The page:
During the teenage years, as youth become more independent from their parents and choose how and with whom to spend their time, peers take on a prominent and important role[SHV2] . This increasing immersion in the peer group can have some beneficial effects[SHV4]  (e.g., improving social skills) but a desire to conform to the interests, behaviors, and activities of peers in order to fit in can also lead to risky behaviors[SHV6] , raising concerns from parents, teachers, administrators, and researchers alike. While all girls possess some desire to form and maintain meaningful relationships with their peer groups, as well as motivation to gain peer approval, girls vary in how strongly they feel these needs. This has led researchers to wonder—what contributes to some girls relying heavily on social approval or possessing a strong need to belong while others do not?

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The Impact of Discrimination on Latinx Immigrant Adolescents’ Well-Being and Development: An interview with Dr. Stephanie Torres, Susana Sosa, Roxanna Flores Toussaint, Sarah Jolie, and Yvita Bustos

Numerous anti-immigration policies have been instituted in the United States over the past several years, exacerbating stressors felt by Latinx adolescents and families nationwide. Dr. Stephanie Torres and co-authors Susana Sosa, Roxanna Flores Toussaint, Sarah Jolie, and Yvita Bustos examined an integrated conceptual model [the Multitiered Model of Oppression and Discrimination among Latinx Immigrant Adolescents (MMOD)] to advance the understanding of the varying levels of discrimination experienced by Latinx immigrant adolescents.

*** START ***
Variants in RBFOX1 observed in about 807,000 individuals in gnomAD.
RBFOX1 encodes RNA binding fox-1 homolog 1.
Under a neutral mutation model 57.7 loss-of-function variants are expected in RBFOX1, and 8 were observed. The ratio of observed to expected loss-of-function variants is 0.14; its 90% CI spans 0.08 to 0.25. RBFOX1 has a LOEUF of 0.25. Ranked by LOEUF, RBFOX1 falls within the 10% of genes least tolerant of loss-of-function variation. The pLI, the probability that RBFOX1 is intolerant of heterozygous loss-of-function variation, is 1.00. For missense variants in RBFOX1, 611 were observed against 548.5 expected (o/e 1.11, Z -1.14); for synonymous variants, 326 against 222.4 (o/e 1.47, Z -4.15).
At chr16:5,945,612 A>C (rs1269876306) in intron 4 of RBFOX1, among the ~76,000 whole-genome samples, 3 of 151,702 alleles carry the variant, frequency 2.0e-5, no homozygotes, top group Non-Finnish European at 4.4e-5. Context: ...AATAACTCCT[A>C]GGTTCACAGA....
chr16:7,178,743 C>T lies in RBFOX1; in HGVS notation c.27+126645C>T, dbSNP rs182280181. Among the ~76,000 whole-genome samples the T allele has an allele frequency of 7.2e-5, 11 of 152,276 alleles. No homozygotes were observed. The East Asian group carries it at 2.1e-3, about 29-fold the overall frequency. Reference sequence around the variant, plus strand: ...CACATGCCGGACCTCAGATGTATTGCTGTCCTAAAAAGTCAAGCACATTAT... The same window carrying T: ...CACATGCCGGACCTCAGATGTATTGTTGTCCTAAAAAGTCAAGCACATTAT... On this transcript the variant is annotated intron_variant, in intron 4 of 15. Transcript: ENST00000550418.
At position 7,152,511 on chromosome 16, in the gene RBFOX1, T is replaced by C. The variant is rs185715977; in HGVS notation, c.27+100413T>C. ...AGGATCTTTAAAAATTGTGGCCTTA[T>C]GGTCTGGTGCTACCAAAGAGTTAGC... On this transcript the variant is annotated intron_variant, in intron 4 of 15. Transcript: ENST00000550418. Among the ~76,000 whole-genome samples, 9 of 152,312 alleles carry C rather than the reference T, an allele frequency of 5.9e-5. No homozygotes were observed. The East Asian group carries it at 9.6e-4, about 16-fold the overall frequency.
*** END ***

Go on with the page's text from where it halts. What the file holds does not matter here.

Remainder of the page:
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Adolescent emotion regulation and future psychopathology: An interview with Dr. Robert Klein and Nhi Nguyen

In their March 2022 article titled Adolescent emotion regulation and future psychopathology: A prospective transdiagnostic analysis, Dr. Robert Klein, Nhi Nguyen, and co-authors examined associations between emotion regulation and subsequent pathological anxiety, depression, and substance dependence symptoms among 1,262 adolescents. Data for this study were collected at ten time points across seven years.